Posted by Susan Doll on June 2, 2014
I caught only one film at the Sarasota International Film Festival this past April—The Lucky 6, a drama about a group of coworkers who win the lottery. I had a vested interest in watching this film, because it was written, shot, and edited by Ringling College faculty members and students. According to department head Brad Battersby, the Ringling Digital Film department is the first undergraduate cinema program to make a feature film. Though I had nothing to do with the production of The Lucky 6, I felt closely connected to it because many of my students worked in key crew positions, and I watched the film being made last summer. After being behind the scenes during the shooting of several sequences, there was something magical about watching the final version on the big screen in a packed theater. Scenes looked familiar yet registered in a completely new or different way.
Written and directed by Battersby, The Lucky 6 revolves around a group of employees of a high-tech start-up who collectively win a $120 million jackpot on a single lottery ticket. The six friends collect their winnings and go their separate ways; some lead the good life with their newfound fortune while others are. . . well. . . not so lucky. Five years later, a legal investigation into the validity of their big win forces the group to reunite. Like other films in this subgenre—The Lottery Man (1919), Le Million (1931), Love from a Stranger (1938), Waking Ned Devine (1998)—The Lucky 6 paints the consequences of winning the lottery in dark tones. Winning the lottery is not part of the American Dream, which dictates that just rewards come only to those who work hard. Lottery movies are often cautionary tales that suggest unearned wealth will only bring trouble and heartache.
The Lucky 6 did prove to be lucky for Ringling and Sarasota. The crew consisted of 31 students, 3 alumni, and 5 faculty/staff members from Ringling. The actors were members of the highly respected Asolo Conservatory, which is part of Florida State University. The benefits of this project are obvious: The crew gained the kind of hands-on experience that will give them a leg up in the real world, and the actors ended up with professional footage for their highlight reels. Beyond the benefits for the participants, the experience represents a different production model for independent film in which an educational institution provides financial, creative, and crew support, resulting in a commercial feature film that can appeal to a wide audience. The benefits for independent directors to team with college filmmaking departments seem obvious, and the model provides a viable alternative to the Hollywood industry.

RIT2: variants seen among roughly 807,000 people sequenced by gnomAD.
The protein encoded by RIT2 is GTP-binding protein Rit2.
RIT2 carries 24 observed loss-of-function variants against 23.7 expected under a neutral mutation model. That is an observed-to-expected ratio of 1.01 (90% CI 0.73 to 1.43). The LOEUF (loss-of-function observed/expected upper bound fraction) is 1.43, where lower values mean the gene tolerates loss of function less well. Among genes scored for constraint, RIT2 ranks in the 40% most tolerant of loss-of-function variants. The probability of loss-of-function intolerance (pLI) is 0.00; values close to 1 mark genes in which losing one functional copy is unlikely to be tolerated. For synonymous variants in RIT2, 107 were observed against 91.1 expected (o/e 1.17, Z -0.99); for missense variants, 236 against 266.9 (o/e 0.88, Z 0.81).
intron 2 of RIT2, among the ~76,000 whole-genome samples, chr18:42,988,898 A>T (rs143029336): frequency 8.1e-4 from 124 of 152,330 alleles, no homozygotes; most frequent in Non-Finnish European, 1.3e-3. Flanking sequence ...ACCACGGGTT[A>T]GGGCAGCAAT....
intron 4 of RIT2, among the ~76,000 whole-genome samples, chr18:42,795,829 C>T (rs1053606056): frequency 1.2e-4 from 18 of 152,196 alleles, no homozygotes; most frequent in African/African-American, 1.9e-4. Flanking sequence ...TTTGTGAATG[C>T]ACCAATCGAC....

The film was shot completely in Sarasota, and the generous support of the city was impressive, including businesses that offered goods and services as well as individuals who lent their homes for locations. It was interesting to see my new city showcased to its best advantage—from the tropical foliage to the Gulf at sunset, from the huge mansions on Bird Key to an empty beach resort on Longboat Key. The latter was a failed resort community called The Colony, which was a well-known fixture back in its day. I heard that George W. Bush once stayed there when he was in town. Now abandoned and in disrepair, the Colony includes cottages on the beach, tennis courts, and a common room with a huge mural of monkeys. The monkeys had peculiar, even scary faces, which, in a key scene in the film, served as commentary on the main characters. Getting permission to shoot at the Colony proved difficult because of the complexities of the legal entanglements. It required getting individual permission from remaining members of the still-existing condo association, among others. This is the kind of nitty-gritty detail that can take up valuable production time and energy, yet viewers only see the end result, which is an authentic location that works naturally in the storyline.
Whenever I visited the set last summer, I felt a little out of place because I was there to observe for my own purposes, not make a contribution to the production. However, my student Nathaniel Turner always greeted me as though I were an important VIP and graciously steered me to a place behind the scenes where I could watch without getting in the way. As the associate producer, Nathaniel’s job was to herd visitors, ensure that actors were on the set when needed, parlay messages, track down needed materials, and trouble-shoot when necessary. People often ask me what the job of a producer is; well, as I learned from Nathanial and producer mentor June Petrie, the job is to anticipate what needs to be done and then do it.